Goodrich snares piece of JSF contract

Goodrich Corp. says it will realize between $4 billion and $5 billion worth of business from the Joint Strike Fighter over the life of the program. But none of that will come to Goodrich’s Everett facility, until perhaps “incredibly long-term into the contract,” a spokeswoman said Monday. Goodrich said Monday it has signed a $70 million-plus contract for the initial design and development for the landing gear and undercarriage with Lockheed Martin, which beat The Boeing Co. to win the $200 billion JSF contract. Goodrich also will provide components for fuel gauges and related wire harnesses for the fuel measuring system. But Goodrich doesn’t do that kind of work in the Pacific Northwest, spokeswoman Gail Warner said. The contract won’t provide enough of an employment boost to lessen projected layoffs of 2,400 workers companywide, Warner added. Goodrich announced the layoffs last month, along with plans to close 16 plants around the country. Those layoffs will be in addition to the ones at Everett. Goodrich has released 305 of its workers here, according to state Employment Security Department officials. However, that’s less, than the 400 to 450 they initially planned to let go.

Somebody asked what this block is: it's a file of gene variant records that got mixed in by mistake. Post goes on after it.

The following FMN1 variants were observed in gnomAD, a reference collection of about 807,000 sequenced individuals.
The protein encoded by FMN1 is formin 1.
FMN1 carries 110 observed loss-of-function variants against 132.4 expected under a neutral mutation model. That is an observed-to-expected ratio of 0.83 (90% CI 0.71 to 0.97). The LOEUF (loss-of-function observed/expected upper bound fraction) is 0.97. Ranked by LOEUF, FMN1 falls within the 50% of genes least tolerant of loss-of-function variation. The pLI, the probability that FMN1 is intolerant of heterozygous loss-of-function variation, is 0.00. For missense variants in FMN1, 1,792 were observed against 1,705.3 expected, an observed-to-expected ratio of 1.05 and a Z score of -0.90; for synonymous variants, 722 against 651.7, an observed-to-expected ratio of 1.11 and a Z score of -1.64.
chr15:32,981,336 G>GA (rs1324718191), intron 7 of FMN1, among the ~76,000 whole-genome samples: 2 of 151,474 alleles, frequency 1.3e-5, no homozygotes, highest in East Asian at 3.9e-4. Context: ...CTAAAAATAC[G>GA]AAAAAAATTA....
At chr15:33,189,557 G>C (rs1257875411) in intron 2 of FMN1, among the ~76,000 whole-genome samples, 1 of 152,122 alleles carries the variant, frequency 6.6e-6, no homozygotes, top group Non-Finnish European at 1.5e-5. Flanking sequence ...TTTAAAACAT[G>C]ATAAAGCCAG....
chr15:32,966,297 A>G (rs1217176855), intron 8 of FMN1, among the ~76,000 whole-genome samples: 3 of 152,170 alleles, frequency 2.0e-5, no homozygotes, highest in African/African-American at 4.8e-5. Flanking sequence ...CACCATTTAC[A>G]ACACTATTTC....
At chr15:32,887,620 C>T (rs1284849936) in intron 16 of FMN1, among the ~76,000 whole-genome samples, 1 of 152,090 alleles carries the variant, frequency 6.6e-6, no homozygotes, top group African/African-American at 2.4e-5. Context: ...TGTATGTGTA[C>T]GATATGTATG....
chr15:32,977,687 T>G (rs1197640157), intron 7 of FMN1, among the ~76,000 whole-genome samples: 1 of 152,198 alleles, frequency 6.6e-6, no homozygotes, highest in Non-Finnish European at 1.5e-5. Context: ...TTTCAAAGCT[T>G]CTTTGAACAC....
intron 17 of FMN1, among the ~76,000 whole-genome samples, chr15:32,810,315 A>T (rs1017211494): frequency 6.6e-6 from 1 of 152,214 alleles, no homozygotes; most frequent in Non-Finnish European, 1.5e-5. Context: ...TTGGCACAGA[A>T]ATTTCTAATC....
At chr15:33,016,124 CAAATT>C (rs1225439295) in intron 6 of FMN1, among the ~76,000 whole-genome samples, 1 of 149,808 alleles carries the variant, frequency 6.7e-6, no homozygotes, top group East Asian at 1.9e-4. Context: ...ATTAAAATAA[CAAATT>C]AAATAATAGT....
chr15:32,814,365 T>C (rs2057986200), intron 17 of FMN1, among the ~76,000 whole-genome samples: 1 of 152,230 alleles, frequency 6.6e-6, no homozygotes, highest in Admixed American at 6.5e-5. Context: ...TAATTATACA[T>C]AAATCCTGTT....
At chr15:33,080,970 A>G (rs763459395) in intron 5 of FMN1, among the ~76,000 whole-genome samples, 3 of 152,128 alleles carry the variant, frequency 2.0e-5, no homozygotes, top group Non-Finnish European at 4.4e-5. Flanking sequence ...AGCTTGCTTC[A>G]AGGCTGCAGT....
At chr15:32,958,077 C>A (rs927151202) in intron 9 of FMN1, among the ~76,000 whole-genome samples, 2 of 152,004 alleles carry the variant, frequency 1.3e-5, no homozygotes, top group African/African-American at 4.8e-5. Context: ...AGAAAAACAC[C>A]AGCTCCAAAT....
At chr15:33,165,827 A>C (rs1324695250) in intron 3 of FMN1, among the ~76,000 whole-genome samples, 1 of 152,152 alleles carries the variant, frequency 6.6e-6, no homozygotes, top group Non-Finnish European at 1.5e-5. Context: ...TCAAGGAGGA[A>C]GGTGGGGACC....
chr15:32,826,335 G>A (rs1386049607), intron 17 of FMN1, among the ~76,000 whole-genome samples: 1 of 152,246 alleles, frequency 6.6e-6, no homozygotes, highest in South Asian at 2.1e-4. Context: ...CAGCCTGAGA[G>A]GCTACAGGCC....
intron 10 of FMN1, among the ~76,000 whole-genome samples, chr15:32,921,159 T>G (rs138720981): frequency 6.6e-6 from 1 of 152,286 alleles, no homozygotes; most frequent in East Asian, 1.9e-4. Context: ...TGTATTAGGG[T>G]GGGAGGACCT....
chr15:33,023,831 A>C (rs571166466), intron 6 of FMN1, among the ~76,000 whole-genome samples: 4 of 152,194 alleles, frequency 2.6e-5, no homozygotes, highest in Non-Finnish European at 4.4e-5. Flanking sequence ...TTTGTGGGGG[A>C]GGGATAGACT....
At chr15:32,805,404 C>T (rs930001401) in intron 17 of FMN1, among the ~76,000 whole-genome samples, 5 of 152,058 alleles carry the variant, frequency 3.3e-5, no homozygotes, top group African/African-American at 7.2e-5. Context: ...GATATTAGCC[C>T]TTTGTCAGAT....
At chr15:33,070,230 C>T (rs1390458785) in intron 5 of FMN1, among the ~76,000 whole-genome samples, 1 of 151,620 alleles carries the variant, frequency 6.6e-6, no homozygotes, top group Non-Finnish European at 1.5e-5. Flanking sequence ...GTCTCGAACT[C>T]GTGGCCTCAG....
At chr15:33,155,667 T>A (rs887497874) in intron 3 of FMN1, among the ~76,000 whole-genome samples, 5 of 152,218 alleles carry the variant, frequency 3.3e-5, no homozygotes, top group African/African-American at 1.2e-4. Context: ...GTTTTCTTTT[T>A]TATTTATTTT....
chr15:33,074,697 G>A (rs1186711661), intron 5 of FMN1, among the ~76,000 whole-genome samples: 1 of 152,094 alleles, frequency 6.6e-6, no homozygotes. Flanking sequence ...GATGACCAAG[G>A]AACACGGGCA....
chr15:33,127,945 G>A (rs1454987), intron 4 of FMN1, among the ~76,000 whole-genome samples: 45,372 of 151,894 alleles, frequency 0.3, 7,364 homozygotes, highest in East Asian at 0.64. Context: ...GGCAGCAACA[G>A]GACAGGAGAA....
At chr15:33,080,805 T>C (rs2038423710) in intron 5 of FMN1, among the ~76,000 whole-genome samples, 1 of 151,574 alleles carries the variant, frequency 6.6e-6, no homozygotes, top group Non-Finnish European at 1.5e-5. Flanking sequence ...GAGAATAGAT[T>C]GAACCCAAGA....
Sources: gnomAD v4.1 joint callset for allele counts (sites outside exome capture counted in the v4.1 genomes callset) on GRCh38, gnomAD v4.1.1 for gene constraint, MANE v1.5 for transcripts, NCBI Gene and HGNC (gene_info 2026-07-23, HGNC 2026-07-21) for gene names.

Interest rates on short-term Treasury securities fell in Monday’s auction, with six-month rates falling to their lowest level on record. The Treasury Department sold $16 billion in three-month bills at a discount rate of 1.975 percent, down from 2.050 percent last week. An additional $15 billion was sold in six-month bills at a rate of 1.920 percent, down from 2.005 percent. The three-month rate was the lowest since Aug. 18, 1958, when the bills sold for 1.895 percent. The six-month rate was the lowest since the government began selling the bills in 1958. The new discount rates understate the actual return to investors – 2.012 percent for three-month bills with a $10,000 bill selling for $9,950.10 and 1.966 percent for a six-month bill selling for $9,902.90. In a separate report, the Federal Reserve said Monday that the average yield for one-year constant maturity Treasury bills, the most popular index for making changes in adjustable rate mortgages, fell to 2.11 percent last week from 2.31 percent the previous week.

Arlington-based US Marine Corp. announced the promotion of J.D. Sienicki Monday to senior vice president for engineering and product development. It also announced that Paul Cherney had been named to the new position of vice president of the Bayliner yacht division. Sienicki joined the company in 1998 as a vice president in engineering and product development. Cherney fills a new position in which he’ll be responsible for yacht sales and distribution.

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